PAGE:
Regions — particularly the 400+ smaller ones — will have significant relief of administrative burden. Assuming that the conformity analysis costs $20,000 per certification, administrative time, and administration costs, this change would save nearly $8M that could be better spent on effective transportation planning. Air quality would not degrade as a result of this change.

Eliminate Federal Gas Tax Funding for Non-Highway Uses

Today, I want to offer the fourth of my recommendations to reform U.S. surface transportation policy. I advise eliminating federal-aid gas tax funding for all non-highway uses.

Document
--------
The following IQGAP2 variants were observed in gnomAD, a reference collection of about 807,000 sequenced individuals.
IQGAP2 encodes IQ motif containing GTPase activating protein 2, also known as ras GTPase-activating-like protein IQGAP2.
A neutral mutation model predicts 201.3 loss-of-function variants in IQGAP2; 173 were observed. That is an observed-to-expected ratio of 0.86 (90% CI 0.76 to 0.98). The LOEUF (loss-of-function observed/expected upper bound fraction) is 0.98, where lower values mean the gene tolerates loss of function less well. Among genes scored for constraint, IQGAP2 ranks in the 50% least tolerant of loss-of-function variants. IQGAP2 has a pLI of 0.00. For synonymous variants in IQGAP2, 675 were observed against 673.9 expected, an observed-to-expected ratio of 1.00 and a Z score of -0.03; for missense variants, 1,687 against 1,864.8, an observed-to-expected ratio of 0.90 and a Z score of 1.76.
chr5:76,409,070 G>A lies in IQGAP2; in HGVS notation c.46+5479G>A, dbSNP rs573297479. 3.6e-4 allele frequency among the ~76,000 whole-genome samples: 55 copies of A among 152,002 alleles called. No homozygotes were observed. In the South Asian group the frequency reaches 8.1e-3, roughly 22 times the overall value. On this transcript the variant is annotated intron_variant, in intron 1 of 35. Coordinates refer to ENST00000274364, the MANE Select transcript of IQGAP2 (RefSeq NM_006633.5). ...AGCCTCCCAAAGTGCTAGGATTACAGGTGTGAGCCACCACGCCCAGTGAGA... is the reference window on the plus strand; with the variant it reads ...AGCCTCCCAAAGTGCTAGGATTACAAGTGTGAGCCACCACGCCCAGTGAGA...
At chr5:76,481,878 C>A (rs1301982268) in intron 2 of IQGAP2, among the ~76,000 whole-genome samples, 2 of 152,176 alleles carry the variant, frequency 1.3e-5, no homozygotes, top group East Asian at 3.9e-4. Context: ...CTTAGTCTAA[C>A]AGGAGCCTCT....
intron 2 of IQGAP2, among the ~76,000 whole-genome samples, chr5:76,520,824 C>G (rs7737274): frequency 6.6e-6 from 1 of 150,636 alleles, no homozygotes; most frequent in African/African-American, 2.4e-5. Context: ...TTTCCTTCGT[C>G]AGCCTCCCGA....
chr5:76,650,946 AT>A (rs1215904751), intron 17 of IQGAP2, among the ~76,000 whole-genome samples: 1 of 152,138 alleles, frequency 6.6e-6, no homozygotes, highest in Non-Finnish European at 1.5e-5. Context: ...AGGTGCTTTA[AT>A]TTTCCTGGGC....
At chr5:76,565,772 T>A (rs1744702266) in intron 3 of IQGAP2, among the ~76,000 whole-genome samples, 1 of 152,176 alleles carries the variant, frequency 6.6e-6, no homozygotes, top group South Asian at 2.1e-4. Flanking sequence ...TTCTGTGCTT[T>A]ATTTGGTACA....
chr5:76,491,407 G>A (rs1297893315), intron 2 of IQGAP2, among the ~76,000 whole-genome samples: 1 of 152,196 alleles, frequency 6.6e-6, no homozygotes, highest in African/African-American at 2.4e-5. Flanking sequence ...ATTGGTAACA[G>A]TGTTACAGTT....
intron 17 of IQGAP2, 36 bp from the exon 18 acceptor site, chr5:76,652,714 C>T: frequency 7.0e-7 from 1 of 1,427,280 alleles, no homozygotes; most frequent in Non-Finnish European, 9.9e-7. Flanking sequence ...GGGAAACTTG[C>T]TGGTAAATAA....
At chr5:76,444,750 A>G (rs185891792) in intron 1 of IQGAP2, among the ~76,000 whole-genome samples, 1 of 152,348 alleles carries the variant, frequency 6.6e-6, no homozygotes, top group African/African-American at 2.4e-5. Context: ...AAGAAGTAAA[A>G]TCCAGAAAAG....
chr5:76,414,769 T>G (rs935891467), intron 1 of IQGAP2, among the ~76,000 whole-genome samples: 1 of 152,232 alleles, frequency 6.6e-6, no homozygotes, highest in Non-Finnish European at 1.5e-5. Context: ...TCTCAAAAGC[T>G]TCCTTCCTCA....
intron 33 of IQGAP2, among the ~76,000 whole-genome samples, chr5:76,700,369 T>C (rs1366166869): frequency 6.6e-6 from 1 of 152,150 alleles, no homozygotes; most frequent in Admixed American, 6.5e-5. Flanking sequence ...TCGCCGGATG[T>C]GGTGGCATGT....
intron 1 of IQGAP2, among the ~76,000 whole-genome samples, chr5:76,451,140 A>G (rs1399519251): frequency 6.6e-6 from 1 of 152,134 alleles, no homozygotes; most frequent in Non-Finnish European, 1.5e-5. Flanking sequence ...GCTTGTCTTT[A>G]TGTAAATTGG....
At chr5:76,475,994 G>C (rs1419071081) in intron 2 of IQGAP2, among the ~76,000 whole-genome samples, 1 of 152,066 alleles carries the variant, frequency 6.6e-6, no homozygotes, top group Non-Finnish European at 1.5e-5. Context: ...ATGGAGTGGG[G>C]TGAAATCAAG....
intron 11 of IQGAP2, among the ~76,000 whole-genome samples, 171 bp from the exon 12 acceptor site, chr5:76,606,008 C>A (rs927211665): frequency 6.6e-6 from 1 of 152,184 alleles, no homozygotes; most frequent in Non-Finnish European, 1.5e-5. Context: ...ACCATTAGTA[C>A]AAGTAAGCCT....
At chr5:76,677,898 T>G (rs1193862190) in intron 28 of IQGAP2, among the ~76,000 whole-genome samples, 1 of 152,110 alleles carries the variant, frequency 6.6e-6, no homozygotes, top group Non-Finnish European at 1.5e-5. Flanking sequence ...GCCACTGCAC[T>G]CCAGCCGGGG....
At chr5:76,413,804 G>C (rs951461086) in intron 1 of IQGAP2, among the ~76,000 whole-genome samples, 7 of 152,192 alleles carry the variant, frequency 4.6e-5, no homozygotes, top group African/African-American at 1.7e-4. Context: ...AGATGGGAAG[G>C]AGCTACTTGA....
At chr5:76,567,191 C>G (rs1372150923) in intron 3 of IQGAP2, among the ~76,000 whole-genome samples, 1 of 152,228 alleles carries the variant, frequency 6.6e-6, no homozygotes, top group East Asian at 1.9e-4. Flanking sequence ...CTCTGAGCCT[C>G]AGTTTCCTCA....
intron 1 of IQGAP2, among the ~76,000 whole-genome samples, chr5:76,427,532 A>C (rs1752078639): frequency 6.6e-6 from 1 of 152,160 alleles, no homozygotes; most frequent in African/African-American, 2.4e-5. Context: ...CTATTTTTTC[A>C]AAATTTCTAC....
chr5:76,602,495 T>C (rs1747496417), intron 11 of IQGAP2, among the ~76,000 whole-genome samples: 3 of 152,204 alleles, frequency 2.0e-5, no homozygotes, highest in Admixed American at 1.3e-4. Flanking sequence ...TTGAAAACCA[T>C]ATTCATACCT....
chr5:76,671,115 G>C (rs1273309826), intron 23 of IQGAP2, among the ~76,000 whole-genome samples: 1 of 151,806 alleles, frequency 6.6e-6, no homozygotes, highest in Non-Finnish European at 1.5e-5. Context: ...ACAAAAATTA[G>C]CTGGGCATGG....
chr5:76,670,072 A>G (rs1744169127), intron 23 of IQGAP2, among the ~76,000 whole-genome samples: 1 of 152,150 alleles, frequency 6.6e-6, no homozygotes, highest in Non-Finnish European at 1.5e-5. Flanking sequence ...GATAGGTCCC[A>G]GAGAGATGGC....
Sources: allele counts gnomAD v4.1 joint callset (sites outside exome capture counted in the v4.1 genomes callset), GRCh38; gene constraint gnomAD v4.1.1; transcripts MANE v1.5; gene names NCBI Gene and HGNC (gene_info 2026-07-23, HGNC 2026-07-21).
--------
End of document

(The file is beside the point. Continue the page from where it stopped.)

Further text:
The federal highway transportation program is structured as a users-pay/users-benefit system with fuel taxes funding construction and maintenance of the Interstate and national highway system. Over the last 30 years, the program has diverted an increasing percentage of its funds to transit, bicycling, walking, smart growth, transportation museums, weed removal and other non-federal transportation purposes. While these programs have value, they also reduce the funding available for federal aid to highways; this has jeopardized interstate commerce. Eliminating federal aid funding for all non-highway uses will return the federal highway program to a users-pay/users-benefit program that spends limited resources on the most critical infrastructure.